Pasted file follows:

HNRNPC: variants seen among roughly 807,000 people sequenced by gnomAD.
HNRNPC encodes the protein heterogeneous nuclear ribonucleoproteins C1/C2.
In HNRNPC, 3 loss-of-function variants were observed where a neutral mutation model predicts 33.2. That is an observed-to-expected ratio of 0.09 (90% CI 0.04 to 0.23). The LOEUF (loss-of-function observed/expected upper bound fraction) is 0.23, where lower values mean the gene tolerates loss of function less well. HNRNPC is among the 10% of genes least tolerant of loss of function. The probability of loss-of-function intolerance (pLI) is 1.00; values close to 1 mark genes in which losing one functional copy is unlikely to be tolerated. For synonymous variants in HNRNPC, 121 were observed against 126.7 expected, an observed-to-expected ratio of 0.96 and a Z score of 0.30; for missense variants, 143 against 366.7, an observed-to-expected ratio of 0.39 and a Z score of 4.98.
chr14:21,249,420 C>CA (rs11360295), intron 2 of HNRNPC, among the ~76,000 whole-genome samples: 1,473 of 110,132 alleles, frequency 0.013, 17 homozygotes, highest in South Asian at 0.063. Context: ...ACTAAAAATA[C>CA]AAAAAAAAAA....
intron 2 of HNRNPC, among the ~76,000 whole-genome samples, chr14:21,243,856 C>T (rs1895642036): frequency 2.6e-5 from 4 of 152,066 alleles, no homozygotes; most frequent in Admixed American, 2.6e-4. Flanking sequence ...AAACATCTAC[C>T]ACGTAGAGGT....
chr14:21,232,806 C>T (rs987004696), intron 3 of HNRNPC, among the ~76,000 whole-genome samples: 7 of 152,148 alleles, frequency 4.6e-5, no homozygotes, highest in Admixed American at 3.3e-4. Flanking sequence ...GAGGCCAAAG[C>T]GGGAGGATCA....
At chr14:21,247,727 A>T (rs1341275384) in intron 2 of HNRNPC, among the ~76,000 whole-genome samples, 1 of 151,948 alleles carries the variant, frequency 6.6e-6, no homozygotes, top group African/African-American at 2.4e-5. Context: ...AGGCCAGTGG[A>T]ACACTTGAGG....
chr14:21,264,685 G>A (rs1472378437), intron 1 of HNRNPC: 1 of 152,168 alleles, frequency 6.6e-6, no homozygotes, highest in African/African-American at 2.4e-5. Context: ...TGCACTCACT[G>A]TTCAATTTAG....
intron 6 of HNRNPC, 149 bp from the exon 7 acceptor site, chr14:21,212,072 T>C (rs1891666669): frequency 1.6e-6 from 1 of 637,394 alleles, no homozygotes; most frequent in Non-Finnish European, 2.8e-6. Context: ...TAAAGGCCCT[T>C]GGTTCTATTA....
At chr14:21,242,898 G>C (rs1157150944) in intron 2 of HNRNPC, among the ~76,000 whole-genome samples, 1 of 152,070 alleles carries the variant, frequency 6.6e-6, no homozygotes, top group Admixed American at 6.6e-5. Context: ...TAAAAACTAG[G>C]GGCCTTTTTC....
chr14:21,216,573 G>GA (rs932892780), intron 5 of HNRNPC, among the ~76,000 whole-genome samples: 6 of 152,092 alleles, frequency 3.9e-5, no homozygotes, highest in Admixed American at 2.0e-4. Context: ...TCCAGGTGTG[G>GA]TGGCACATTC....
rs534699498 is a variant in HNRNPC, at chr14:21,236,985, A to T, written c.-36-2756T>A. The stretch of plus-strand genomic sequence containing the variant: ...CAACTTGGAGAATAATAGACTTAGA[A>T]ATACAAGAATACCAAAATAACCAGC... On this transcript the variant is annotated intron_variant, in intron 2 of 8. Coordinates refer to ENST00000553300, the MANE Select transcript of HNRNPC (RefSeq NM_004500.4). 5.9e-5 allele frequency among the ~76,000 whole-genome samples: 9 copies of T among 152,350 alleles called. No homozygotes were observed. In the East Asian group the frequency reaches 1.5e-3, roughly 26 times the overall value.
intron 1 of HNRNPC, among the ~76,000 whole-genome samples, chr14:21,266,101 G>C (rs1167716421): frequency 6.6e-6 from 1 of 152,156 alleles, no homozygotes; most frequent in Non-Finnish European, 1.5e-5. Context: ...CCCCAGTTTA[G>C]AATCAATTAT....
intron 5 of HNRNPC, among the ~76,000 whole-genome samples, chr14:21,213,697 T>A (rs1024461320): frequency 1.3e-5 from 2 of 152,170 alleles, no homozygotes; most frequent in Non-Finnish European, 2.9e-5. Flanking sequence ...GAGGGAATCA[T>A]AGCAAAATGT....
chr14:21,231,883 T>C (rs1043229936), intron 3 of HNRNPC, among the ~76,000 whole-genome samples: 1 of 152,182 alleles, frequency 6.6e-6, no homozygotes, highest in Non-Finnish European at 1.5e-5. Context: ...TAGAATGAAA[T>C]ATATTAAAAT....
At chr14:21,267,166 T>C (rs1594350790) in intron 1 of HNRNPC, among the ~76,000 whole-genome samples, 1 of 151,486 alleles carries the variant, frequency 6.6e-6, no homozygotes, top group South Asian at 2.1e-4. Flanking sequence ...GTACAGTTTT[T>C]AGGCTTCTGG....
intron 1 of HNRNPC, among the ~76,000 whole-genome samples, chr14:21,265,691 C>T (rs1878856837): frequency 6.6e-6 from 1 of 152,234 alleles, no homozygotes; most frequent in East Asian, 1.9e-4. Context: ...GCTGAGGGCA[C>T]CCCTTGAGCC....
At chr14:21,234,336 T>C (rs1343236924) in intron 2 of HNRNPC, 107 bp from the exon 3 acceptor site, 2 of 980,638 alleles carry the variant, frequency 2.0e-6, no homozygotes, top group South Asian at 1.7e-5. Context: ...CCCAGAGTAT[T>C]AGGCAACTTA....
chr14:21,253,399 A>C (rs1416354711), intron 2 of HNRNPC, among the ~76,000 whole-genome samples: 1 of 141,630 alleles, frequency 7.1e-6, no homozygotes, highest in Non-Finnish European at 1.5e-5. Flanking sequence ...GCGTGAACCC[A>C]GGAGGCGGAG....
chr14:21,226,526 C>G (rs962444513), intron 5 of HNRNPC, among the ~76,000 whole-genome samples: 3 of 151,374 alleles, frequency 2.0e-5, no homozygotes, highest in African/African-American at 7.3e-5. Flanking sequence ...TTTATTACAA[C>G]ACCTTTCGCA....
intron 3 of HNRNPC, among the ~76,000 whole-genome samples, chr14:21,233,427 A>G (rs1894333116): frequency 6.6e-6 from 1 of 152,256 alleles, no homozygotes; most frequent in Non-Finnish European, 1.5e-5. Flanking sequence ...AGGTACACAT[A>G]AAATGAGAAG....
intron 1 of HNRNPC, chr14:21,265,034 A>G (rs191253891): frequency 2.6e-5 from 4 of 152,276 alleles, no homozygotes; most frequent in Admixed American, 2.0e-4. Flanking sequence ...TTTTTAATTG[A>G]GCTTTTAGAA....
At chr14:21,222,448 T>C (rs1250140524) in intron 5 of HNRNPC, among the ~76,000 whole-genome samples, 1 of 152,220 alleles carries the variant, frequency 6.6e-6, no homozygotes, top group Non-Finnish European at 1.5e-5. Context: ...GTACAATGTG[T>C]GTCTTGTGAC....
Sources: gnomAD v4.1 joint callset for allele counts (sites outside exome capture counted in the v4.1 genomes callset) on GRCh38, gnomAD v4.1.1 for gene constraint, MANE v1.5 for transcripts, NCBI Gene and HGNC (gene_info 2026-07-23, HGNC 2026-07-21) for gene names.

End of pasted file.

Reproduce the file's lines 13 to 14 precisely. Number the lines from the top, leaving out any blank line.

intron 1 of HNRNPC, among the ~76,000 whole-genome samples, chr14:21,266,101 G>C (rs1167716421): frequency 6.6e-6 from 1 of 152,156 alleles, no homozygotes; most frequent in Non-Finnish European, 1.5e-5. Context: ...CCCCAGTTTA[G>C]AATCAATTAT....
intron 5 of HNRNPC, among the ~76,000 whole-genome samples, chr14:21,213,697 T>A (rs1024461320): frequency 1.3e-5 from 2 of 152,170 alleles, no homozygotes; most frequent in Non-Finnish European, 2.9e-5. Flanking sequence ...GAGGGAATCA[T>A]AGCAAAATGT....